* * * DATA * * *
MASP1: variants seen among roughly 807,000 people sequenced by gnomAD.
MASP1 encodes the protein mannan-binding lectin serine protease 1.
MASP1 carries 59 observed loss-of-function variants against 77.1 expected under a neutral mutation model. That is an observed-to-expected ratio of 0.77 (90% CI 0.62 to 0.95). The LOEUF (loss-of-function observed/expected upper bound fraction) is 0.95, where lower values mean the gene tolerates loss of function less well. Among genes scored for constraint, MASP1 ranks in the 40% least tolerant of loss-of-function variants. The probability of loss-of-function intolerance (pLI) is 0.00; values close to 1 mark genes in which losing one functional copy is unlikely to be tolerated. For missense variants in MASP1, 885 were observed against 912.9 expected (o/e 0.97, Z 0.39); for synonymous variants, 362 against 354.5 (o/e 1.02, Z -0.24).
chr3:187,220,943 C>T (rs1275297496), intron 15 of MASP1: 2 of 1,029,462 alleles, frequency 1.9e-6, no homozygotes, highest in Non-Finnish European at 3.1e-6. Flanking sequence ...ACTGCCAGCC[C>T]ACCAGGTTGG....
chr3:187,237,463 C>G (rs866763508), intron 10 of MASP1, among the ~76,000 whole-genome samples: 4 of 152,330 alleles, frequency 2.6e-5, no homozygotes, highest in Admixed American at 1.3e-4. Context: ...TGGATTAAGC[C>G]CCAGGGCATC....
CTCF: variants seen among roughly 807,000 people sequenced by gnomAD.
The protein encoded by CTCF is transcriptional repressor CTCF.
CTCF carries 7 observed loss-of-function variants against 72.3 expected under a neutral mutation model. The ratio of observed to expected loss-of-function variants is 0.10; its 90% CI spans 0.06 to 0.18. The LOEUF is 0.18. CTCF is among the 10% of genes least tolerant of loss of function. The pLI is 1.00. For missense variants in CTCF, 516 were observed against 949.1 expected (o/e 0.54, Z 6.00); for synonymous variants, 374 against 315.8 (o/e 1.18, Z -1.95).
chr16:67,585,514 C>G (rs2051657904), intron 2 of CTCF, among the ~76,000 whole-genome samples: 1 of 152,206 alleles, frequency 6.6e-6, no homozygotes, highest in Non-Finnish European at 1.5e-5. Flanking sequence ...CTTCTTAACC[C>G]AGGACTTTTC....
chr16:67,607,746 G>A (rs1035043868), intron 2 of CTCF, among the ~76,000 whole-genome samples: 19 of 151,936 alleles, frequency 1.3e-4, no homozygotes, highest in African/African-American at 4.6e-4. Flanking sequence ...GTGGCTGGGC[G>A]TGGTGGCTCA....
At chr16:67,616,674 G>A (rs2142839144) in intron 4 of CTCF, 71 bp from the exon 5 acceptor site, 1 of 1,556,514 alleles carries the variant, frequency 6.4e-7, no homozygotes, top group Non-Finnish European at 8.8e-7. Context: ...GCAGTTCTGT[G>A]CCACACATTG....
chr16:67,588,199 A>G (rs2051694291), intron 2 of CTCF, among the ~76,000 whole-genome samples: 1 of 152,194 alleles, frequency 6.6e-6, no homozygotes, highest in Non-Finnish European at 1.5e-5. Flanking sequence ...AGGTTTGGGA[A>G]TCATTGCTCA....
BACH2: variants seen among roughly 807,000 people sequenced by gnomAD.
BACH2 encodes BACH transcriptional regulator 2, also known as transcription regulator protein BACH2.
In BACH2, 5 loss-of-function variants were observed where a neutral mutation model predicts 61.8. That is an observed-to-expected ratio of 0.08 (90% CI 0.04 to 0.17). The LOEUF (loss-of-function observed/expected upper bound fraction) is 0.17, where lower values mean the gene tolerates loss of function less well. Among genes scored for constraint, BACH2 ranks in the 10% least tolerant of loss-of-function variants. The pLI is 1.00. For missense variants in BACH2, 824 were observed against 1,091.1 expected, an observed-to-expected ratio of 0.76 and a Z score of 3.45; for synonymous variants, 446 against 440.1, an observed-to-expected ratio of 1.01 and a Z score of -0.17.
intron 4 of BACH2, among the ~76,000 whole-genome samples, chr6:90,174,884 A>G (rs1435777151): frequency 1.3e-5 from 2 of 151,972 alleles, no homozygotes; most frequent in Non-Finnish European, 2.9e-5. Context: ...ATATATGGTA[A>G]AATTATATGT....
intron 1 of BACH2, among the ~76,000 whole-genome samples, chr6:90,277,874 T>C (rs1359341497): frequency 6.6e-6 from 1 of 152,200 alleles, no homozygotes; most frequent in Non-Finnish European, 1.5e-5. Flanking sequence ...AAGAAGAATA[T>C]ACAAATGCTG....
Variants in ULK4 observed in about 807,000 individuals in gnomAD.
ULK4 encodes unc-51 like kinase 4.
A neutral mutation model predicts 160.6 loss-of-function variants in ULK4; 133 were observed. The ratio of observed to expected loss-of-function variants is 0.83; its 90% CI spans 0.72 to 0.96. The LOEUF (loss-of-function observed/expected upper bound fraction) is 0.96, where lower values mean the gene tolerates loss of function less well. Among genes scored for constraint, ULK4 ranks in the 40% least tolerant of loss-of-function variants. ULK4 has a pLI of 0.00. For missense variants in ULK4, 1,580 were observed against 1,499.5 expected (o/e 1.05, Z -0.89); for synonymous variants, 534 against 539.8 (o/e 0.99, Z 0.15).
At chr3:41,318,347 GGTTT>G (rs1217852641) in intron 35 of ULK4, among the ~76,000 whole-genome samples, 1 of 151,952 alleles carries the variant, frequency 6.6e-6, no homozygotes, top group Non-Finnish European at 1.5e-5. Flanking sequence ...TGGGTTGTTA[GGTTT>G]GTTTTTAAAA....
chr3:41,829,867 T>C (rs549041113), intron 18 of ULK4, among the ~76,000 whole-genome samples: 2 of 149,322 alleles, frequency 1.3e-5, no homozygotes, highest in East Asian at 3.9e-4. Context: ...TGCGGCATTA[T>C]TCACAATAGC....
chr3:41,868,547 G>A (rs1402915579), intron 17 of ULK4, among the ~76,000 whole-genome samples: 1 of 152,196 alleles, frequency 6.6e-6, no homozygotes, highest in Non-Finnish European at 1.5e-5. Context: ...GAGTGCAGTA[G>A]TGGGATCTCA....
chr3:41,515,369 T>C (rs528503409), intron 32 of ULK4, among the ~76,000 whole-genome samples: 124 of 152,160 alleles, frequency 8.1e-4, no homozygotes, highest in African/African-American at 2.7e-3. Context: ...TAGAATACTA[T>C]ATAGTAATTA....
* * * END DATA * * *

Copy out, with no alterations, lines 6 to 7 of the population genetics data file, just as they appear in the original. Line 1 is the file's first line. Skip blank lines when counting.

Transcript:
CTCF: variants seen among roughly 807,000 people sequenced by gnomAD.
The protein encoded by CTCF is transcriptional repressor CTCF.